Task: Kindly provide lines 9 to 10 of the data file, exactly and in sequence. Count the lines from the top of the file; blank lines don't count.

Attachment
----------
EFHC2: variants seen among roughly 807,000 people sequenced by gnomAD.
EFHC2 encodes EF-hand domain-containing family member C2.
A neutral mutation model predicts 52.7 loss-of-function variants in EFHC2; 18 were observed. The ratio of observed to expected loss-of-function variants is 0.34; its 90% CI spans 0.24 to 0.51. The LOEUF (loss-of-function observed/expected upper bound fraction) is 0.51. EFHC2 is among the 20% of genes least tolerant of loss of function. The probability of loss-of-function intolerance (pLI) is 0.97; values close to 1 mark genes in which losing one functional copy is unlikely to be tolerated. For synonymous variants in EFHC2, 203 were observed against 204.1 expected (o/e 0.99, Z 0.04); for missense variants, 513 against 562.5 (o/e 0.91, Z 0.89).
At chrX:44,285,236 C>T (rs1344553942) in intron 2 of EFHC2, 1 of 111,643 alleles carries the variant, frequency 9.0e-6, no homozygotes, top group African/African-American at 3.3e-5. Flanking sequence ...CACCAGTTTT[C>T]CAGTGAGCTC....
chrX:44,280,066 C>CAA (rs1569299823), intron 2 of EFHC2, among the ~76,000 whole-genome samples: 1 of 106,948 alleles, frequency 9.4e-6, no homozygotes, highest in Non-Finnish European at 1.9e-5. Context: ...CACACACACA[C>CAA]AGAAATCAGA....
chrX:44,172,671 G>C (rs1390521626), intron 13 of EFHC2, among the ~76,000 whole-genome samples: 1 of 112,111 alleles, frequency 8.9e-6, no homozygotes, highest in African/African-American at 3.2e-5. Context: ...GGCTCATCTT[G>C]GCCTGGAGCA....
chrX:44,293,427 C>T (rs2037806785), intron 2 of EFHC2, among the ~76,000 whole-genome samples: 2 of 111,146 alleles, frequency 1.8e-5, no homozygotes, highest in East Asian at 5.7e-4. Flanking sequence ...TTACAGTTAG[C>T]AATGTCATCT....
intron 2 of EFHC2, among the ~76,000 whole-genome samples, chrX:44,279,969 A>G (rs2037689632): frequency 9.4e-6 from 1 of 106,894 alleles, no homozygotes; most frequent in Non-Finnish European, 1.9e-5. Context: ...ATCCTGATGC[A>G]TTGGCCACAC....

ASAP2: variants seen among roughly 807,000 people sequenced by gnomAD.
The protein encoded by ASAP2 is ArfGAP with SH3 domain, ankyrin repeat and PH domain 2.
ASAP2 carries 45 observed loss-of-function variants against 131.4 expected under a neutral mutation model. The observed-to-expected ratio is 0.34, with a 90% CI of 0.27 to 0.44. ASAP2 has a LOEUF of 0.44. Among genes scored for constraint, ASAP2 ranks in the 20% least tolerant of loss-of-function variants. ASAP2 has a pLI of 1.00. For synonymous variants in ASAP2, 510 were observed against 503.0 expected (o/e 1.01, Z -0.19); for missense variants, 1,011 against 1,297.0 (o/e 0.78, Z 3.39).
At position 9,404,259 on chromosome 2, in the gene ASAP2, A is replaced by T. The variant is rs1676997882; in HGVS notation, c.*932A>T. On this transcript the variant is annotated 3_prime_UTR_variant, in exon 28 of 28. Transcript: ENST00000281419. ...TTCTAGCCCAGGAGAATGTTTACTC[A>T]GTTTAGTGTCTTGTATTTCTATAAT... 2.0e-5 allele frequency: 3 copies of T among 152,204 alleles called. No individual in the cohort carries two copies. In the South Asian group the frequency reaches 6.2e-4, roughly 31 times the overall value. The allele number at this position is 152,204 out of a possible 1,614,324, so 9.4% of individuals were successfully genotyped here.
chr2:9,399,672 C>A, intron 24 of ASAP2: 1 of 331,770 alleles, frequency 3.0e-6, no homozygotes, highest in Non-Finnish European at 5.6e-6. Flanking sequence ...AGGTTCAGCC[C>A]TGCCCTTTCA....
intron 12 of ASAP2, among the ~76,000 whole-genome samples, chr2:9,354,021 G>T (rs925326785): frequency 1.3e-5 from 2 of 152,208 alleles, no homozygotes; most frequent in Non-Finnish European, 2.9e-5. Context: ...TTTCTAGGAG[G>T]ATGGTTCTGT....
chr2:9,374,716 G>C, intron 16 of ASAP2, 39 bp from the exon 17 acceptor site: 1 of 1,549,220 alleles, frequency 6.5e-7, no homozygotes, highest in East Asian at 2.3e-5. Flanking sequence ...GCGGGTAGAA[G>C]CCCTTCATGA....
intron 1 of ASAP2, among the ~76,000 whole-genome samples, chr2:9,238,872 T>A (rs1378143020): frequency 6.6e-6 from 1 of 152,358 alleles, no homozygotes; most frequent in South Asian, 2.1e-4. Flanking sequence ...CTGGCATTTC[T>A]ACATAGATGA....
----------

ASAP2: variants seen among roughly 807,000 people sequenced by gnomAD.
The protein encoded by ASAP2 is ArfGAP with SH3 domain, ankyrin repeat and PH domain 2.